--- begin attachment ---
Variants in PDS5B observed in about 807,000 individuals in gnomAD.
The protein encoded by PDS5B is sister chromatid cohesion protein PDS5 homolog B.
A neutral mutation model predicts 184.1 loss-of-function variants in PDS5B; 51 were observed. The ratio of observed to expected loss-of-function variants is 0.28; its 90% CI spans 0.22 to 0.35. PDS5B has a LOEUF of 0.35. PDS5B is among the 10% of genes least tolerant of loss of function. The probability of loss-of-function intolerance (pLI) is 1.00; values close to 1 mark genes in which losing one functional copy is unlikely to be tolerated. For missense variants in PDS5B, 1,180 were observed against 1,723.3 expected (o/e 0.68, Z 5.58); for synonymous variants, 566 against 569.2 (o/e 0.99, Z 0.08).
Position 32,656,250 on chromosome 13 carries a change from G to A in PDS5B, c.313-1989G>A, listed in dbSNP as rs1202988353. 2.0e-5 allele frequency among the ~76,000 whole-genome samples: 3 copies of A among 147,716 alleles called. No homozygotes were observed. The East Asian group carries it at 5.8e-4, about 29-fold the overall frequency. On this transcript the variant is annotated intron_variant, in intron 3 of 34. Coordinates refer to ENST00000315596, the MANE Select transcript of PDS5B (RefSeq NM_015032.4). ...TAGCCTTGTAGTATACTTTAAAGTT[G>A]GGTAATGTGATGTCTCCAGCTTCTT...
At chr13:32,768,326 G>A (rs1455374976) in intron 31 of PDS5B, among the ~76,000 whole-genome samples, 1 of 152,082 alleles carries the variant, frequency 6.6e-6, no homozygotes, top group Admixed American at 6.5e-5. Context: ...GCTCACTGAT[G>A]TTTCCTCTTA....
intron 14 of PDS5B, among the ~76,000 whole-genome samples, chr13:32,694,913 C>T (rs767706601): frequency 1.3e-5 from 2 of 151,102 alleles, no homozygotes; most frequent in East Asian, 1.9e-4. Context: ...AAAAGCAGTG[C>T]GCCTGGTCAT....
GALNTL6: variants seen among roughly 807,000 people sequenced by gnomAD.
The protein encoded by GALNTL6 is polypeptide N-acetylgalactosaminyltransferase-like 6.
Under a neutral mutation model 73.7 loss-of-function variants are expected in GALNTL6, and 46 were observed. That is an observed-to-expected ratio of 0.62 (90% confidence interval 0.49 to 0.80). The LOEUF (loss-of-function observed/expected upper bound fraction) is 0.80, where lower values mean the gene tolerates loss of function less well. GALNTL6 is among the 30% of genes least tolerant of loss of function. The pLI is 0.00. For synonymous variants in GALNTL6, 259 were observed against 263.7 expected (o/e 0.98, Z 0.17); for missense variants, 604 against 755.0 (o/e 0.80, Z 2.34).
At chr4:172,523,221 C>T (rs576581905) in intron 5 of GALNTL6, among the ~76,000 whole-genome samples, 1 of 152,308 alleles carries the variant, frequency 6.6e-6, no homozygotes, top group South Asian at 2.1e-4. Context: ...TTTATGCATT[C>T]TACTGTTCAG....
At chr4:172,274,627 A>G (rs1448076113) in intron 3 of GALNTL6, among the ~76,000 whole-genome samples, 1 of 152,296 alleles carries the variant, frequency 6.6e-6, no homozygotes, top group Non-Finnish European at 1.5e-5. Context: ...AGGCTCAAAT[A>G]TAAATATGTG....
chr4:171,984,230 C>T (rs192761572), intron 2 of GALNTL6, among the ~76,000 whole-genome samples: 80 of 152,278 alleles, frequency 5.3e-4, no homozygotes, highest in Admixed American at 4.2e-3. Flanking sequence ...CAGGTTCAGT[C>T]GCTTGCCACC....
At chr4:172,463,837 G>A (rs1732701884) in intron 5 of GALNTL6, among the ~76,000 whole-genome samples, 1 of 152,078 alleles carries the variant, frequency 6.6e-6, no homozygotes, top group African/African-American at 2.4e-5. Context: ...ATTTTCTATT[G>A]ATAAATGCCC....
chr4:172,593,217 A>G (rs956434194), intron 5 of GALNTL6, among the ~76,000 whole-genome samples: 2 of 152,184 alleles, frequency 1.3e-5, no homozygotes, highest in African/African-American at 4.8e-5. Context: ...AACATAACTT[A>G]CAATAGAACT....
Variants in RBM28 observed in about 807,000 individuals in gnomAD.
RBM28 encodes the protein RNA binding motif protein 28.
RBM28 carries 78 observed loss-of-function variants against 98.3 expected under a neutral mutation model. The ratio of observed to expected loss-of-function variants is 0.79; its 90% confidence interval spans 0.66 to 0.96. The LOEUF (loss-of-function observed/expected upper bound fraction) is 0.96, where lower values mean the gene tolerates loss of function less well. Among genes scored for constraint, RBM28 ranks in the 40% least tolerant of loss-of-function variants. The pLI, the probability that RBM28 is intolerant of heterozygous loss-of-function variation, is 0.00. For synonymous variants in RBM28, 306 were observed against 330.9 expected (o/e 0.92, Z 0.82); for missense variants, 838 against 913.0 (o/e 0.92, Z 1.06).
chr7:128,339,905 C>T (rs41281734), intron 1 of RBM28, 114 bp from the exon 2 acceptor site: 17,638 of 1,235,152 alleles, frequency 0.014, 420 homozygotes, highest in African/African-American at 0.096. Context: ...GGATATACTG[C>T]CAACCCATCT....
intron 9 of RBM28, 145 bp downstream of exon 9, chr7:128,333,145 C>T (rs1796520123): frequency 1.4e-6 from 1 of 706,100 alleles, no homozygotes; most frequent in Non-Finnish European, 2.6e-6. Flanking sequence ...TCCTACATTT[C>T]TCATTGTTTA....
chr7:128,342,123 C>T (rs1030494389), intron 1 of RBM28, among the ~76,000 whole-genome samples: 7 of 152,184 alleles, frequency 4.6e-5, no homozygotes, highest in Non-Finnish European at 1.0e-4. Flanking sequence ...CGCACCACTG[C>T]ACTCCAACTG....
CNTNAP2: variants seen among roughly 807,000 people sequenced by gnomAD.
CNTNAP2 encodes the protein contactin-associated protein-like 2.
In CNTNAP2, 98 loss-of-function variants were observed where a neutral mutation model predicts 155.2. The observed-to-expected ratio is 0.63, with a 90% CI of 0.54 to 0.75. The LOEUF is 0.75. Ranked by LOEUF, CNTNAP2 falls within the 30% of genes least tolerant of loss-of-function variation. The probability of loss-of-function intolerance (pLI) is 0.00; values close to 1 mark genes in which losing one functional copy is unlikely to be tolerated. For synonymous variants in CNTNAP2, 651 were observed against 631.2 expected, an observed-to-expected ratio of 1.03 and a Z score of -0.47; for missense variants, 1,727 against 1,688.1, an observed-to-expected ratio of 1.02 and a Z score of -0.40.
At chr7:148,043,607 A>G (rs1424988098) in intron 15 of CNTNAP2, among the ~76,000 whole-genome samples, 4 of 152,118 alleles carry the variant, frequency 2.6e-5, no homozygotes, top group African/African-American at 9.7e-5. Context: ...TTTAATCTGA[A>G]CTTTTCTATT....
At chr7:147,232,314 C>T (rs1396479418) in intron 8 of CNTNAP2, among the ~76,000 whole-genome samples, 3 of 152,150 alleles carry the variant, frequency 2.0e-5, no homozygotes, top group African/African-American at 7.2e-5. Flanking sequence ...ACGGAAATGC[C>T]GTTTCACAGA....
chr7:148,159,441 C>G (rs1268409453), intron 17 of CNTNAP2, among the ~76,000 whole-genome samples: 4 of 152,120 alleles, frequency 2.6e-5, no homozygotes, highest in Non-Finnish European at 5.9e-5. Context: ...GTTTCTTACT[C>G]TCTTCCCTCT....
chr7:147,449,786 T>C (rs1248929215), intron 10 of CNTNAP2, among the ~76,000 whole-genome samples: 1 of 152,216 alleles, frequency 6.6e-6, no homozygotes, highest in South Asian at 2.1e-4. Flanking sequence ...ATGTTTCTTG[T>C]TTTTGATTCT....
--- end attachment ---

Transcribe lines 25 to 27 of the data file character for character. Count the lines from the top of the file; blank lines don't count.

At chr7:147,232,314 C>T (rs1396479418) in intron 8 of CNTNAP2, among the ~76,000 whole-genome samples, 3 of 152,150 alleles carry the variant, frequency 2.0e-5, no homozygotes, top group African/African-American at 7.2e-5. Flanking sequence ...ACGGAAATGC[C>T]GTTTCACAGA....
chr7:148,159,441 C>G (rs1268409453), intron 17 of CNTNAP2, among the ~76,000 whole-genome samples: 4 of 152,120 alleles, frequency 2.6e-5, no homozygotes, highest in Non-Finnish European at 5.9e-5. Context: ...GTTTCTTACT[C>G]TCTTCCCTCT....
chr7:147,449,786 T>C (rs1248929215), intron 10 of CNTNAP2, among the ~76,000 whole-genome samples: 1 of 152,216 alleles, frequency 6.6e-6, no homozygotes, highest in South Asian at 2.1e-4. Flanking sequence ...ATGTTTCTTG[T>C]TTTTGATTCT....